Can you believe this year has almost gone? And how did that happen? I have been retired for 10 years and do very little nowadays so I had assumed the pace of time would slow down but whadda mistakea to maka, as the Italian officer in Allo! Allo! used to say.

This week as we walk together down Memory Lane I take us back to 1964, when some of us were somewhat younger and others not even born. Do you recall that awful winter of 1963/4 when we had snow for three months and supplies ran scarce? Could you imagine the under 40s coping today, unlike us tough pre and post war citizens? Could you imagine the chaos that would ensue if cyberspace stopped for, say, a weekend? You would actually have to speak to other people and if necessary use smoke signals.

Like Snow White, I have drifted - so we are now back at Elstree Studios in 1964. Three television series were in production. The Avengers was of course an international success and we can return to that another time. I do recommend you either tuning into the Talking Pictures television channel or buy the DVD to watch Gideons Way, which has hardly dated due to the great use of locations rather than being studio bound, and had that lovely actor John Gregson in the title role. We lost him too early when he suffered a fatal heart attack while out walking on a family holiday. I never met John but have met Giles Watling, who played his son in the series, and knew Jack Watling, who kindly attended some of my get togethers.

The Human Jungle was another great series shot at Elstree starring Herbert Lom and had a lovely haunting theme tune. Herbert was a guest of mine at one of my events and invited me to his home country's Embassy to watch him being given an award by his nation of birth.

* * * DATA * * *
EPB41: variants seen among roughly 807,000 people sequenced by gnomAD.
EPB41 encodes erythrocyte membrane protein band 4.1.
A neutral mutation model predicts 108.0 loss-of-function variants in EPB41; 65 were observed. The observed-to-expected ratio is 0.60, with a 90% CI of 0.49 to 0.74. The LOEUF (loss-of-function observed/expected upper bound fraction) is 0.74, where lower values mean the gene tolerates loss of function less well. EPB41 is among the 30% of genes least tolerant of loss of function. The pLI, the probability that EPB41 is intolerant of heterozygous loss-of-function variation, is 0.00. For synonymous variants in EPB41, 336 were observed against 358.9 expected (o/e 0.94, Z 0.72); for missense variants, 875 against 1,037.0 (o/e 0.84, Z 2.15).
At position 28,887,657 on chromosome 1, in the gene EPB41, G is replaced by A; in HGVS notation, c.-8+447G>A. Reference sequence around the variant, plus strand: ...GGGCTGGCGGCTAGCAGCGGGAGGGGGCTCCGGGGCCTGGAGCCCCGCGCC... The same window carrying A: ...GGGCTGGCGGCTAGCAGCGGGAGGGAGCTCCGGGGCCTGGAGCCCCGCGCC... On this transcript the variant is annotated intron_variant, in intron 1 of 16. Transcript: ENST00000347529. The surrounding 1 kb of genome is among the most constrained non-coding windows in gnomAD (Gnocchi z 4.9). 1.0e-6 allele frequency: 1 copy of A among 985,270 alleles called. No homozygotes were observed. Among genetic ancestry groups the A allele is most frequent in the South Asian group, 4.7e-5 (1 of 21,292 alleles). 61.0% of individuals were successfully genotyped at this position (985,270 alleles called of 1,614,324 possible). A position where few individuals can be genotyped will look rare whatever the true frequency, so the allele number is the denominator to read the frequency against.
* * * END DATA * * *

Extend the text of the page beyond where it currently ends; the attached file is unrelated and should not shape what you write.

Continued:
Films were also shot at Elstree this year and included Fanatic, which starred a young Donald Sutherland and Hollywood icon Tallulah Bankhead. Alas, this was her last film and she was also an alcoholic, so pretended to drink tea on set when it was actually whisky. The irony is that on the screen they used to substitute tea in a glass and pretend the character was drinking Scotch.

She was Hammer's most expensive film to date at a cost of £323,000, which seems peanuts today. Locations were shot in Israel and the movie starred Ursula Andress in the starring role, with Peter Cushing and Christopher Lee in support. The film went over budget due to various problems so some planned scenes were cut and it was decided to dub other actors' voices on Ursula and character actor Andre Morell. It was still a big success.

Curse Of The Mummy's Tomb was another Hammer film shot at Elstree that year. Dickie Owen played the Mummy and was the husband of one of my teachers. You see I could never get away from showbiz. He was also in Zulu fighting off the natives with his crutch as he was already injured. One of my favourite films, even if it is not PC these days As Clark Gable said in Gone With The Wind, frankly my dear I don't give a damn. Thank you for your company and take care of yourself until next time.